Solar Minimum Most Likely Occurred in December 2019

Thread Rating:
  • 0 Vote(s) - 0 Average
  • 1
  • 2
  • 3
  • 4
  • 5
#1
from ARRL:

Sunspot Index and Long-Term Solar Observations (SILSO) in Belgium said this month that the minimum between Solar Cycles 24 and 25 “most probably” took place last December. SILSO, a part of the Royal Observatory of Belgium and formerly known as SIDC, cited as evidence the January 2020 increase in the 13-month smoothed sunspot number — the first upswing since the Cycle 24 maximum in April 2014.

“For now, this latest smoothed value in January 2020 is the very first point indicating a rise of the activity. So, the date of the minimum still needs a full confirmation over the coming months,” SILSO said on its website. “For now, preliminary smoothed values, limited to less than 13 months, hint at increasing values over coming months. If the rising trend indeed continues, this [December 2019] date will become fully definitive.”

SILSO said another indication of the transition between the two solar cycles can be drawn from counting individual sunspot groups that belong to either the old or new solar cycle. “While most sunspot groups belonged to the last solar cycle [Cycle 24] until September 2019, the dominance switched to groups of the new cycle in November 2019,” SILSO said.

SILSO said that in terms of the number of active regions, the minimum between Cycle 24 and Cycle 25 falls in October 2019. “This is close to December 2019,” SILSO said. It attributes the difference to three factors:
  • The sunspot number also takes into account the total number of spots, and thus the size of the emerging active regions.
  • The time of the minimum depends on the respective trends of the declining phase of the past cycle, and of the rising phase of the new cycles, over the 12 months surrounding the minimum.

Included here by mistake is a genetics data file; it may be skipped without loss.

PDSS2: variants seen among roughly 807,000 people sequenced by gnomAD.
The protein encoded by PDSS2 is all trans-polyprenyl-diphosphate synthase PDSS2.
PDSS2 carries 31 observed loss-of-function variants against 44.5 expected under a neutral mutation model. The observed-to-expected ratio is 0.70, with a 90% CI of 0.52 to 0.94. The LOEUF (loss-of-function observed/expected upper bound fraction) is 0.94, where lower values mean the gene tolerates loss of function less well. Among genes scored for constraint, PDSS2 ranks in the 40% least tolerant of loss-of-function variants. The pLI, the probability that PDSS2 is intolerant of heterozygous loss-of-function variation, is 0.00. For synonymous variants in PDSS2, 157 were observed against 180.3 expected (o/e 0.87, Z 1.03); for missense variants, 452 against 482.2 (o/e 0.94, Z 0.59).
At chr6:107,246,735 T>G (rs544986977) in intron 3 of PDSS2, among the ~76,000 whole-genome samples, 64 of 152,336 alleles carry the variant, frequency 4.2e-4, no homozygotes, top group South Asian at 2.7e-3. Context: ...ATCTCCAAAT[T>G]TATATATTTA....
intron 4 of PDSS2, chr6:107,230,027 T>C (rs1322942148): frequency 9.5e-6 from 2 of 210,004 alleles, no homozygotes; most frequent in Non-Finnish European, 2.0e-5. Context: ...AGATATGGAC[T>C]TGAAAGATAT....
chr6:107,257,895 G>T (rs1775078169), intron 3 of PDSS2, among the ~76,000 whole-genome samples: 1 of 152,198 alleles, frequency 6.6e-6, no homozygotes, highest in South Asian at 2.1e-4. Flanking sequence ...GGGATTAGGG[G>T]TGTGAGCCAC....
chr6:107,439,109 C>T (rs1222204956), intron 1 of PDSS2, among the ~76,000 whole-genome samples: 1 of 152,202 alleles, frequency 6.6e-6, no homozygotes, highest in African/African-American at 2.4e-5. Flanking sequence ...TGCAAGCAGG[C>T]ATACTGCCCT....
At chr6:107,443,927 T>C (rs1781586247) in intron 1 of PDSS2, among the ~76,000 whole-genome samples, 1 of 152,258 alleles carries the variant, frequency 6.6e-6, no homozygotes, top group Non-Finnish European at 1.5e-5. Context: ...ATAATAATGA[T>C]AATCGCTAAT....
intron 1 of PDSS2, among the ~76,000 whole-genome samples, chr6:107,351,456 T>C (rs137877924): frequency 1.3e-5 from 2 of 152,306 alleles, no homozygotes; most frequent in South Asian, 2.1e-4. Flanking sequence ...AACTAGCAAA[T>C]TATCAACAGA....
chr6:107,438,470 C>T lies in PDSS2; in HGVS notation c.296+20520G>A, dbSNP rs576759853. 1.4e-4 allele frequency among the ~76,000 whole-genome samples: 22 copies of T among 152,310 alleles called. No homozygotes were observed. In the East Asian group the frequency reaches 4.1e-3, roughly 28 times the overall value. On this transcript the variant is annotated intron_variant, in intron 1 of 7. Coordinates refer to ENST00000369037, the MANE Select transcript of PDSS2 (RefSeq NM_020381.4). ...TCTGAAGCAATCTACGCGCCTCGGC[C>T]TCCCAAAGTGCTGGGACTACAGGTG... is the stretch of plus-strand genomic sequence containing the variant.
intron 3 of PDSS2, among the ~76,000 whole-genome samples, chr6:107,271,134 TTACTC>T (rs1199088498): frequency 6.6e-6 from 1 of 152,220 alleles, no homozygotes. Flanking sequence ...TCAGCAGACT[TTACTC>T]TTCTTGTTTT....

• The date of the minimum has a significant uncertainty range. Near minimum the activity hardly varies and is close to minimum during a few months. “The date of the minimum is thus always less sharply defined than the date of the maximum of the cycles, which are more sharply peaked,” SILSO explained.
  • “This late-breaking upward trend is now expected to accelerate over the coming months,” SILSO predicted. “So be prepared for a more eruptive and interesting sun!”
SILSO is preserving the longest record of solar activity, which spans the last 4 centuries.

SILSO website: http://sidc.be/silso/home
Reply
#1
from ARRL:

Sunspot Index and Long-Term Solar Observations (SILSO) in Belgium said this month that the minimum between Solar Cycles 24 and 25 “most probably” took place last December. SILSO, a part of the Royal Observatory of Belgium and formerly known as SIDC, cited as evidence the January 2020 increase in the 13-month smoothed sunspot number — the first upswing since the Cycle 24 maximum in April 2014.

“For now, this latest smoothed value in January 2020 is the very first point indicating a rise of the activity. So, the date of the minimum still needs a full confirmation over the coming months,” SILSO said on its website. “For now, preliminary smoothed values, limited to less than 13 months, hint at increasing values over coming months. If the rising trend indeed continues, this [December 2019] date will become fully definitive.”

SILSO said another indication of the transition between the two solar cycles can be drawn from counting individual sunspot groups that belong to either the old or new solar cycle. “While most sunspot groups belonged to the last solar cycle [Cycle 24] until September 2019, the dominance switched to groups of the new cycle in November 2019,” SILSO said.

SILSO said that in terms of the number of active regions, the minimum between Cycle 24 and Cycle 25 falls in October 2019. “This is close to December 2019,” SILSO said. It attributes the difference to three factors:
  • The sunspot number also takes into account the total number of spots, and thus the size of the emerging active regions.
  • The time of the minimum depends on the respective trends of the declining phase of the past cycle, and of the rising phase of the new cycles, over the 12 months surrounding the minimum.
  • The date of the minimum has a significant uncertainty range. Near minimum the activity hardly varies and is close to minimum during a few months. “The date of the minimum is thus always less sharply defined than the date of the maximum of the cycles, which are more sharply peaked,” SILSO explained.
  • “This late-breaking upward trend is now expected to accelerate over the coming months,” SILSO predicted. “So be prepared for a more eruptive and interesting sun!”
SILSO is preserving the longest record of solar activity, which spans the last 4 centuries.

SILSO website: http://sidc.be/silso/home
Reply


Forum Jump:


Users browsing this thread: 1 Guest(s)